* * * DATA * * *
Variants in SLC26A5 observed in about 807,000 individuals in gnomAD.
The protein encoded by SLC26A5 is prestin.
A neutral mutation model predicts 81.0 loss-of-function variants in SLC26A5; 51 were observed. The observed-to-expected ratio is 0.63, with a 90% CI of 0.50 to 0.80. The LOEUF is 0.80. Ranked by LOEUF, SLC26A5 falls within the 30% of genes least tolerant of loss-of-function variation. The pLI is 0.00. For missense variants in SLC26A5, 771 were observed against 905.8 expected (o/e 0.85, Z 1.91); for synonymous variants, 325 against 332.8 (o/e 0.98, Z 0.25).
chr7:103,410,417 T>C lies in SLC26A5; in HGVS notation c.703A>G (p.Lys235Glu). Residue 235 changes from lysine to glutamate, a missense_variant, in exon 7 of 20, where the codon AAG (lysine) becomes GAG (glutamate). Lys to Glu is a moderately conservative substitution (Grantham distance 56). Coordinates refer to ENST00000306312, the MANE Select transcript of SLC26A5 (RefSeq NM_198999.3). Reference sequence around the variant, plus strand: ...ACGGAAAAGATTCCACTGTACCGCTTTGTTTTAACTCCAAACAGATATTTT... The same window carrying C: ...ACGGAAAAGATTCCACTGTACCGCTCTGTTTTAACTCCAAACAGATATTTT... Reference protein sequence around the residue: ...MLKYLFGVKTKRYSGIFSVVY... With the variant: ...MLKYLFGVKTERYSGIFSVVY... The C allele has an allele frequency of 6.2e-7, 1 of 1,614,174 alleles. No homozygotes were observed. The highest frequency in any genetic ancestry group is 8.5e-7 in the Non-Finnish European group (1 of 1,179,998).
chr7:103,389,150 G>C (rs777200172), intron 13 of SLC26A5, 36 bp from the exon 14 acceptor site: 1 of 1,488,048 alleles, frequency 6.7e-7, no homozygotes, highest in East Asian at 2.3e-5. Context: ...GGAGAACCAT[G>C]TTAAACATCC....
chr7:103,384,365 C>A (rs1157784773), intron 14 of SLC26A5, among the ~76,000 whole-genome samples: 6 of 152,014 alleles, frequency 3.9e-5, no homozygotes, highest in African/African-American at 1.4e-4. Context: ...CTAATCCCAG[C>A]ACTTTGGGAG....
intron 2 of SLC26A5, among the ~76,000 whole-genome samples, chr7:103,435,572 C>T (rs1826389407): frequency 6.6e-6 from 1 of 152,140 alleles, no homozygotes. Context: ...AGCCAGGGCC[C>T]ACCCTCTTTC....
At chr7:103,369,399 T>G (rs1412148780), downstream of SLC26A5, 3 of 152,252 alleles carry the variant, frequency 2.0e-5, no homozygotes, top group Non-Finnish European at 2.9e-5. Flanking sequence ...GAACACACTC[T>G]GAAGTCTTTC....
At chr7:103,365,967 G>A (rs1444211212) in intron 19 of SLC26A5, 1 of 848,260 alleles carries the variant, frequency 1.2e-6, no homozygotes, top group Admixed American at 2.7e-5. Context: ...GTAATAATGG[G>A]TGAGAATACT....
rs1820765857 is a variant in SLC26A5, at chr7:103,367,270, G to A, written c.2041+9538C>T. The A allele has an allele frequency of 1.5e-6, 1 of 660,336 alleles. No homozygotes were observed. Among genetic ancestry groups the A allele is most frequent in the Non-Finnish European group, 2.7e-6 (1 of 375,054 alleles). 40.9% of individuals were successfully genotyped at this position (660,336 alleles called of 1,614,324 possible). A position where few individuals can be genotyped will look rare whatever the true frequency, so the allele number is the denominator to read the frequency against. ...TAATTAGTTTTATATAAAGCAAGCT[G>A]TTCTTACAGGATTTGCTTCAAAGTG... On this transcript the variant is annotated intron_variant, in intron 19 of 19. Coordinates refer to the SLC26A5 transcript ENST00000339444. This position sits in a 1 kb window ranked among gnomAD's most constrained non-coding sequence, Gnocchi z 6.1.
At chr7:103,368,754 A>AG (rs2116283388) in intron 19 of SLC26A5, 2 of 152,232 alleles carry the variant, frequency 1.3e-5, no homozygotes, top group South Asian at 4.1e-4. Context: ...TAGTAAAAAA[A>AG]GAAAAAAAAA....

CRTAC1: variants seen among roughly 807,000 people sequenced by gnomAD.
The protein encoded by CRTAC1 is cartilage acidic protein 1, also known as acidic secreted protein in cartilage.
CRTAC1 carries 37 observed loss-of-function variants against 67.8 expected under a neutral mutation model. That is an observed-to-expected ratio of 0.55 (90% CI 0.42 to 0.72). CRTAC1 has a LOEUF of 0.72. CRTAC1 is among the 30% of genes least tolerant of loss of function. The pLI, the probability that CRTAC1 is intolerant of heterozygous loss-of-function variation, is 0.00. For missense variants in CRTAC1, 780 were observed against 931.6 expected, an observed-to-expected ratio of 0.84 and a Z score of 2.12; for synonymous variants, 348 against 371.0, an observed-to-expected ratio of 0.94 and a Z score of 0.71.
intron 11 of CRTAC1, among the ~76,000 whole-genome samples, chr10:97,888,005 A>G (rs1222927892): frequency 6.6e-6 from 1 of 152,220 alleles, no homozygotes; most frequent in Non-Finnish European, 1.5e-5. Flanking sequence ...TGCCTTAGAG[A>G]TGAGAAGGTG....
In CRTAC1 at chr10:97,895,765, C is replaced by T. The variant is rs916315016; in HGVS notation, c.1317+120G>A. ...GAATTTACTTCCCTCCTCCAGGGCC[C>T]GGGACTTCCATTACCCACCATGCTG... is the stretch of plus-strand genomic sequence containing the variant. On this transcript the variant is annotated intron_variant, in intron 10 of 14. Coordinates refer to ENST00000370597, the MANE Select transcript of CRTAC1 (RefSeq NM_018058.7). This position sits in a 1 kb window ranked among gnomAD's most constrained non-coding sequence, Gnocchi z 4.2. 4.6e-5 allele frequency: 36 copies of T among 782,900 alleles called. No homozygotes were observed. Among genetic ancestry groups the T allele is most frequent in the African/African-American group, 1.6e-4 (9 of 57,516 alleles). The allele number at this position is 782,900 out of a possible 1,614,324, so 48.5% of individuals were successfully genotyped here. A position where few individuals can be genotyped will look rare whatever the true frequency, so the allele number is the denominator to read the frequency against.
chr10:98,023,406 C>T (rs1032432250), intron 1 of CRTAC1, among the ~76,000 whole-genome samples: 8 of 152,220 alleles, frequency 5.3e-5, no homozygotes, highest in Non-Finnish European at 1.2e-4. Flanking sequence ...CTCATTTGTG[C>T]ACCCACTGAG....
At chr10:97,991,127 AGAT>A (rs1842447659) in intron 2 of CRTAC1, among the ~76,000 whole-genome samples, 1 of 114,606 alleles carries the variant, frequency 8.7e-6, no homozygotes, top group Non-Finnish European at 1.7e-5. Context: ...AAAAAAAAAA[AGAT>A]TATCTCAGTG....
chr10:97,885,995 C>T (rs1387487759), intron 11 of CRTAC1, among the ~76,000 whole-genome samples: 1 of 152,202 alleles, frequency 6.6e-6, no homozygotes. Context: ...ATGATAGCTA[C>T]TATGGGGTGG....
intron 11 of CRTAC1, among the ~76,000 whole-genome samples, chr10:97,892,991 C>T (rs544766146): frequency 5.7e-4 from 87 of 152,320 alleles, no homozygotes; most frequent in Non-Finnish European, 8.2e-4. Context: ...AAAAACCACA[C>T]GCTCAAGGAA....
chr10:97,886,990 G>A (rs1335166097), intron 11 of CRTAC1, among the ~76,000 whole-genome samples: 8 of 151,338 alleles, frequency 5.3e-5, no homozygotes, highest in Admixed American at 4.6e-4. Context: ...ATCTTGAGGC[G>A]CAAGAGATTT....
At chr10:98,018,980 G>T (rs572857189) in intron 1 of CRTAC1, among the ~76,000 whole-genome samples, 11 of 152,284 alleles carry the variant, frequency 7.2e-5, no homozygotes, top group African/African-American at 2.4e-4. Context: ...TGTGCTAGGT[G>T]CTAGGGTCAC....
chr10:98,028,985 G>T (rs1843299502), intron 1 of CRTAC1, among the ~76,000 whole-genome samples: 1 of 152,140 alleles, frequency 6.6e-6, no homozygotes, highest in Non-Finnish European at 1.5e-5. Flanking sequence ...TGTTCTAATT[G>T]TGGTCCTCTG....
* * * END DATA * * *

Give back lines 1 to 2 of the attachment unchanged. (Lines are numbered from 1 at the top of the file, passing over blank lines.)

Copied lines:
Variants in SLC26A5 observed in about 807,000 individuals in gnomAD.
The protein encoded by SLC26A5 is prestin.